“AOG” stands for “Airplane on Ground.” It is an acronym that is synonymous with angry passengers sitting in an airport terminal as airline representatives frantically rebook missed connections as customers wait for a part to be replaced or a plane to be swapped out for another one. For the wheels and brakes division, key parts and repair kits were always kept in inventory to support AOG calls – response time to AOG calls was a metric calculated in minutes. After implementation, AOG inventory could not even be found by the warehouse team, so other facilities had to compensate as much as possible.
The division had very strong leadership and an incredible culture steeped in a commitment to LEAN and Six Sigma. Every day at the beginning of the shift the entire facility conducted stand up meetings for 10 minutes. KPIs were reviewed and targets set. Staffing plans were communicated and action plans to address key issues were articulated. Each department became a focused team during those meetings. But without metrics, the department leaders had no data with which to formulate the action plan. Everyone knew things were bad, but they didn’t know where to focus first.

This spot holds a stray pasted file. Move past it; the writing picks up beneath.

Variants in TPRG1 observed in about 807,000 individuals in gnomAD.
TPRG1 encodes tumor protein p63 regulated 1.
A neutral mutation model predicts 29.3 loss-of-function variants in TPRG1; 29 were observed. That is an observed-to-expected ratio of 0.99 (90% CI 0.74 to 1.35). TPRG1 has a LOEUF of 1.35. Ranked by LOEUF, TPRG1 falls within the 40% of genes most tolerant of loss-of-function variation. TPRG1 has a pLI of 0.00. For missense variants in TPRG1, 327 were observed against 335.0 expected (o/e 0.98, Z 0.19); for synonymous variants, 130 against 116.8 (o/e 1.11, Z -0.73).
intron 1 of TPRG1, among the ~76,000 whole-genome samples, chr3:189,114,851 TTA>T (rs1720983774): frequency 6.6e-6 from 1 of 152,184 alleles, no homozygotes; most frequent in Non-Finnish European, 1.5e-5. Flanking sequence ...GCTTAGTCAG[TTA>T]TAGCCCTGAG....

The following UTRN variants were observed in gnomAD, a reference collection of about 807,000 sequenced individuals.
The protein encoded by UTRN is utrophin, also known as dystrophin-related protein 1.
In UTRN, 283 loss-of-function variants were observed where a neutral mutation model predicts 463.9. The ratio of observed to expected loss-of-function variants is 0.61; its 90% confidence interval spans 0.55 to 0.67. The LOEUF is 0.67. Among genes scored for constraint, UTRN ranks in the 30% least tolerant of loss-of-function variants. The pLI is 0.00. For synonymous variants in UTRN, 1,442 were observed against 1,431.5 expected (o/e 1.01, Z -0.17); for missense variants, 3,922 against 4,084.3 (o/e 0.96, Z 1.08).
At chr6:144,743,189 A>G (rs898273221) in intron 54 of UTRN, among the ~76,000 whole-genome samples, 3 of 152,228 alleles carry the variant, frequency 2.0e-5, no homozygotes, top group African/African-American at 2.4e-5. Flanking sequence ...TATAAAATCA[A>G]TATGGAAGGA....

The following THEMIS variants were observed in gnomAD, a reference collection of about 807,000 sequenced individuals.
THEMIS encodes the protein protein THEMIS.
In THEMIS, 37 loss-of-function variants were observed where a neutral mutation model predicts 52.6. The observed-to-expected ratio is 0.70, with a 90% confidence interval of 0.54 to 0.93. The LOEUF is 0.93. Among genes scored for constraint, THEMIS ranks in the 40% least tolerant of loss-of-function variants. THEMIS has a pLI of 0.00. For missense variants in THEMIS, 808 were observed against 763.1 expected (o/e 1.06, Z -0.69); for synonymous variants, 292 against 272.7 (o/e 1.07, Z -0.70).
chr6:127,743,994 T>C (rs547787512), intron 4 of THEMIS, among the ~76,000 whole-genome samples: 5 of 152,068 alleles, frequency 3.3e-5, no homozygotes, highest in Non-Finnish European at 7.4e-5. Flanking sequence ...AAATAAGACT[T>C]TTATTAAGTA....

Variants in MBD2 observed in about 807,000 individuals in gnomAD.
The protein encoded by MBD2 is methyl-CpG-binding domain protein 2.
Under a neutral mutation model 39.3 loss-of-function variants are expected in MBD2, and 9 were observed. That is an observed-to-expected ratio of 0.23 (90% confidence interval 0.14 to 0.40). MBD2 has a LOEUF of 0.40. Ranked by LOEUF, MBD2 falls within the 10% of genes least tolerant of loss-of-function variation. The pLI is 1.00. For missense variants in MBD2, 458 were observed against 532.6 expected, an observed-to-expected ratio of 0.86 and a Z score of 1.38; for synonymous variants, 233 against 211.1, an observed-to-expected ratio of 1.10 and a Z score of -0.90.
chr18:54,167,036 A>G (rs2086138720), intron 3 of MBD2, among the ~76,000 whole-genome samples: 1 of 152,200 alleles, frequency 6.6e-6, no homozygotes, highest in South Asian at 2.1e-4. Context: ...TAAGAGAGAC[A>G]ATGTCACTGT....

The leadership team appointed accountable people in each area to document the problems. Serving as local SAP experts, we helped the departments prioritize the work based on the downstream impact of the identified issues. Production planning problems and incorrectly configured RF Scanners were affecting warehouse inventory levels. Inventory accuracy and shipping discrepancies were driving returns. Lack of training created a backlog of returns to process.
Step 1 was to capture operational KPIs to get a baseline of where we were and enable the established practices to be the vehicle for resolution.
Step 2 was to re-train the employees on the new processes. Lack of effective training was a clearly one of the overarching root causes. Process issues were identified and STOP/START/CONTINUE communications became part of the daily standup. Training documentation was made available on the department dashboards alongside the KPI targets.
Step 3 was to work with the implementation team to resolve identified system issues and fix bad master data.